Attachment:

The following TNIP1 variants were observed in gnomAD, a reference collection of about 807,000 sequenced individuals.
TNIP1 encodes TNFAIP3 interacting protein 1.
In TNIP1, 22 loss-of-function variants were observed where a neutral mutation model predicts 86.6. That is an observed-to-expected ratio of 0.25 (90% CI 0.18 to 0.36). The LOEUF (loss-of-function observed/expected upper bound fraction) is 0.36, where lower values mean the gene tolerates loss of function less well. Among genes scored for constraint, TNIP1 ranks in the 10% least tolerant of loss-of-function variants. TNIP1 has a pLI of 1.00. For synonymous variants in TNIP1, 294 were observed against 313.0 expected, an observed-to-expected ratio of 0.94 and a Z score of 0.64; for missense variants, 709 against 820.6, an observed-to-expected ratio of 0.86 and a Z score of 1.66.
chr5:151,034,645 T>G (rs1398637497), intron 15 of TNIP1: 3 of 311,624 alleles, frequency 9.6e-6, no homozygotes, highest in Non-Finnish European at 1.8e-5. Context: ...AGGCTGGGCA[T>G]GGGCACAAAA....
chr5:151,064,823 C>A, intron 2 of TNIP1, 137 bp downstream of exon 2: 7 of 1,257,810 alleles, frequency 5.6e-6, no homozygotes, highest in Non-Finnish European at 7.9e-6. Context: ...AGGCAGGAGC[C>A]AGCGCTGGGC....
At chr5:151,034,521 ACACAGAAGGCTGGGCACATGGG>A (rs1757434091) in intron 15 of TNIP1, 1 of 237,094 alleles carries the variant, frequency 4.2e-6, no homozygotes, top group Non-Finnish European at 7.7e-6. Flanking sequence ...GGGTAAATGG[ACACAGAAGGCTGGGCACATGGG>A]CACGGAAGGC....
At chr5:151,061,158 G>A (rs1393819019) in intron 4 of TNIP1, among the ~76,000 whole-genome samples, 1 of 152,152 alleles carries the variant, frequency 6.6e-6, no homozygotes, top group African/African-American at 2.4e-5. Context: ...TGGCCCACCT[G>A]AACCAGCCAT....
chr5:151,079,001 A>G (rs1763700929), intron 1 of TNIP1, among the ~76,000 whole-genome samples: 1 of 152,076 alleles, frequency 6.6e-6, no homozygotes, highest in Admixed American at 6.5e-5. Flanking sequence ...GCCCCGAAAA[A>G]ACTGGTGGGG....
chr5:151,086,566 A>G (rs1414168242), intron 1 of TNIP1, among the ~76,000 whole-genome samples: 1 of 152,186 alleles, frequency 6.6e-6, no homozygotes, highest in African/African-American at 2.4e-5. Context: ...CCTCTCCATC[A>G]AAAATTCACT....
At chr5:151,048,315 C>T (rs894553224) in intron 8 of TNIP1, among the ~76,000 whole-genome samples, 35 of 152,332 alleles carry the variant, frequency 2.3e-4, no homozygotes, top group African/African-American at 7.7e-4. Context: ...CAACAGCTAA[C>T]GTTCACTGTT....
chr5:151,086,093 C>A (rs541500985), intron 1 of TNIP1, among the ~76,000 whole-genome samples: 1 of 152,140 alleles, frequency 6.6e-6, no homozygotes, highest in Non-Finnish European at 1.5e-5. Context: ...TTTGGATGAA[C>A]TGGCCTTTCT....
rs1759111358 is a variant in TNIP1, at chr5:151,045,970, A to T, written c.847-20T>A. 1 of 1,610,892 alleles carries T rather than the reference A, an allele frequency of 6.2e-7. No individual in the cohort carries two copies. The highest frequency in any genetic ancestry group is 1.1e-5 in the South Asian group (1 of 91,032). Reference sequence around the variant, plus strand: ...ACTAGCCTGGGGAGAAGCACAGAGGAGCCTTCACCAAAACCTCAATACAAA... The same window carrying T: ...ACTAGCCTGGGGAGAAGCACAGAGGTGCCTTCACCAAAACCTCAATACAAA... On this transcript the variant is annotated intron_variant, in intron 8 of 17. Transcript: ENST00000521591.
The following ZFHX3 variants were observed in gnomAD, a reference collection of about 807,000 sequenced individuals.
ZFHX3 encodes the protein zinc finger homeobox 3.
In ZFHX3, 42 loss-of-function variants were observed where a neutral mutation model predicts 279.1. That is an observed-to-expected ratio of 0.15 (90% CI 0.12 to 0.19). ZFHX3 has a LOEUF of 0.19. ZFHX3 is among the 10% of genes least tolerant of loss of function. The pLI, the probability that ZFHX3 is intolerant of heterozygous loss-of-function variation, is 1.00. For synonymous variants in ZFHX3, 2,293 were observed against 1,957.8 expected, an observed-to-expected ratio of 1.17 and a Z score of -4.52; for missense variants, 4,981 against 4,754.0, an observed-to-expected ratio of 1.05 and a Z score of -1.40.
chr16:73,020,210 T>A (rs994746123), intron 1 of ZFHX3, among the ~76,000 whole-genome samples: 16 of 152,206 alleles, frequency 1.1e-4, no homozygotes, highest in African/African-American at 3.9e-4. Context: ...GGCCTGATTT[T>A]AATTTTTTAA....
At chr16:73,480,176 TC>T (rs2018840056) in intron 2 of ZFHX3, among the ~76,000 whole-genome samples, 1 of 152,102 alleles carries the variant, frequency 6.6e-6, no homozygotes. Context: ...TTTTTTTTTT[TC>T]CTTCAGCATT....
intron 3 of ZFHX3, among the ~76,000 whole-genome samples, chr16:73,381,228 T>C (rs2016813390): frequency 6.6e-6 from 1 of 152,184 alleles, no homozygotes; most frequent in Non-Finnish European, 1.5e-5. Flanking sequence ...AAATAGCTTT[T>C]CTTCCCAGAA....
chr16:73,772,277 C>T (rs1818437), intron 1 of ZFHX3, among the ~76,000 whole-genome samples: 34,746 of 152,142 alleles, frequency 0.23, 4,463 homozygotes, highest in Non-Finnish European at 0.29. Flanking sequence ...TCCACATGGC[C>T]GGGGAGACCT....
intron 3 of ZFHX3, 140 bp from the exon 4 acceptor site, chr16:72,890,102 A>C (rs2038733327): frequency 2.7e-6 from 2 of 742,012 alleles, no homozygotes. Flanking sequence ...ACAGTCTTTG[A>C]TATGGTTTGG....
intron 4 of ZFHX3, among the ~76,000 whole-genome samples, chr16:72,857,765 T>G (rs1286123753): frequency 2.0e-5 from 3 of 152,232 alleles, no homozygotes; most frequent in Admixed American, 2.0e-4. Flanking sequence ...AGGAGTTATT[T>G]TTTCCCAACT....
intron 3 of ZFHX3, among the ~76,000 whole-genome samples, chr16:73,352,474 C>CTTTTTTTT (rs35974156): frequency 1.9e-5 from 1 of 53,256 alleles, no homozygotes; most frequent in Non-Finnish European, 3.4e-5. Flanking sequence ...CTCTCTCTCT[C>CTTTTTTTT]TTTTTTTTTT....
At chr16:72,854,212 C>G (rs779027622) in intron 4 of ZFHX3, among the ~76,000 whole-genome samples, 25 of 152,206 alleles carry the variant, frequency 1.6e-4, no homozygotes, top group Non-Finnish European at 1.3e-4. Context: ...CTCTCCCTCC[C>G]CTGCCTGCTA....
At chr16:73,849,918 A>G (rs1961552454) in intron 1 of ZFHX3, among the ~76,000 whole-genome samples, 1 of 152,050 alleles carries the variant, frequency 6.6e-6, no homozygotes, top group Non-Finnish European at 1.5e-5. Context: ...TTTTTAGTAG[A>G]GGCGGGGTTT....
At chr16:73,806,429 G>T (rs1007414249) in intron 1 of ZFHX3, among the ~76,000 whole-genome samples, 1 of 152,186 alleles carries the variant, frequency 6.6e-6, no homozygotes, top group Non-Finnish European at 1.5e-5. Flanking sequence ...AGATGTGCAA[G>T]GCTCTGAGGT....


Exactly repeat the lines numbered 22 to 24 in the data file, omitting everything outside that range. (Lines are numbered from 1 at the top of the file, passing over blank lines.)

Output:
intron 3 of ZFHX3, among the ~76,000 whole-genome samples, chr16:73,352,474 C>CTTTTTTTT (rs35974156): frequency 1.9e-5 from 1 of 53,256 alleles, no homozygotes; most frequent in Non-Finnish European, 3.4e-5. Flanking sequence ...CTCTCTCTCT[C>CTTTTTTTT]TTTTTTTTTT....
At chr16:72,854,212 C>G (rs779027622) in intron 4 of ZFHX3, among the ~76,000 whole-genome samples, 25 of 152,206 alleles carry the variant, frequency 1.6e-4, no homozygotes, top group Non-Finnish European at 1.3e-4. Context: ...CTCTCCCTCC[C>G]CTGCCTGCTA....
At chr16:73,849,918 A>G (rs1961552454) in intron 1 of ZFHX3, among the ~76,000 whole-genome samples, 1 of 152,050 alleles carries the variant, frequency 6.6e-6, no homozygotes, top group Non-Finnish European at 1.5e-5. Context: ...TTTTTAGTAG[A>G]GGCGGGGTTT....